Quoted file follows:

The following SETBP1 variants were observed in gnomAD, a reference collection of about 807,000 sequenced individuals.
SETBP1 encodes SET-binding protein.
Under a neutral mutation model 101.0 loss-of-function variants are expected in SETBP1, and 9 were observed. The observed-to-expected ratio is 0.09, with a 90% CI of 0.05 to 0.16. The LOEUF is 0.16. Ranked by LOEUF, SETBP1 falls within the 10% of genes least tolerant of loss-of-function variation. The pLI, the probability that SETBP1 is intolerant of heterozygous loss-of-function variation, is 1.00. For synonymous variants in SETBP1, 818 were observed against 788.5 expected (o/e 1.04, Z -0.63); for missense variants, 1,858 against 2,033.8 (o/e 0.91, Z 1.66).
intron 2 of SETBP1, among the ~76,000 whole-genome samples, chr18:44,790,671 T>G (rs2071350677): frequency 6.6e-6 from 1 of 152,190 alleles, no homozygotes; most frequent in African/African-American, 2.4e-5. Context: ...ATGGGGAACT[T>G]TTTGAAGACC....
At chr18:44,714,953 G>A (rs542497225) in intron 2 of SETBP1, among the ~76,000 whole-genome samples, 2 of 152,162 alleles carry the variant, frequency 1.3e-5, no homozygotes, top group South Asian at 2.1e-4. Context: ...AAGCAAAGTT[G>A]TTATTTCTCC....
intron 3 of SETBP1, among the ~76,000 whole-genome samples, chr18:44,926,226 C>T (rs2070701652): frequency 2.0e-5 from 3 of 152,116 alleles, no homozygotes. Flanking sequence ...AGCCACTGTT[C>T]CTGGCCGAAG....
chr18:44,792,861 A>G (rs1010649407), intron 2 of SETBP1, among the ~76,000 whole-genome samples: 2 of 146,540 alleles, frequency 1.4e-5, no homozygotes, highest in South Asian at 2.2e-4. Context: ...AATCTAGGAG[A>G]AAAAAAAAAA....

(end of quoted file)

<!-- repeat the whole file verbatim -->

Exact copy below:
The following SETBP1 variants were observed in gnomAD, a reference collection of about 807,000 sequenced individuals.
SETBP1 encodes SET-binding protein.
Under a neutral mutation model 101.0 loss-of-function variants are expected in SETBP1, and 9 were observed. The observed-to-expected ratio is 0.09, with a 90% CI of 0.05 to 0.16. The LOEUF is 0.16. Ranked by LOEUF, SETBP1 falls within the 10% of genes least tolerant of loss-of-function variation. The pLI, the probability that SETBP1 is intolerant of heterozygous loss-of-function variation, is 1.00. For synonymous variants in SETBP1, 818 were observed against 788.5 expected (o/e 1.04, Z -0.63); for missense variants, 1,858 against 2,033.8 (o/e 0.91, Z 1.66).
intron 2 of SETBP1, among the ~76,000 whole-genome samples, chr18:44,790,671 T>G (rs2071350677): frequency 6.6e-6 from 1 of 152,190 alleles, no homozygotes; most frequent in African/African-American, 2.4e-5. Context: ...ATGGGGAACT[T>G]TTTGAAGACC....
At chr18:44,714,953 G>A (rs542497225) in intron 2 of SETBP1, among the ~76,000 whole-genome samples, 2 of 152,162 alleles carry the variant, frequency 1.3e-5, no homozygotes, top group South Asian at 2.1e-4. Context: ...AAGCAAAGTT[G>A]TTATTTCTCC....
intron 3 of SETBP1, among the ~76,000 whole-genome samples, chr18:44,926,226 C>T (rs2070701652): frequency 2.0e-5 from 3 of 152,116 alleles, no homozygotes. Flanking sequence ...AGCCACTGTT[C>T]CTGGCCGAAG....
chr18:44,792,861 A>G (rs1010649407), intron 2 of SETBP1, among the ~76,000 whole-genome samples: 2 of 146,540 alleles, frequency 1.4e-5, no homozygotes, highest in South Asian at 2.2e-4. Context: ...AATCTAGGAG[A>G]AAAAAAAAAA....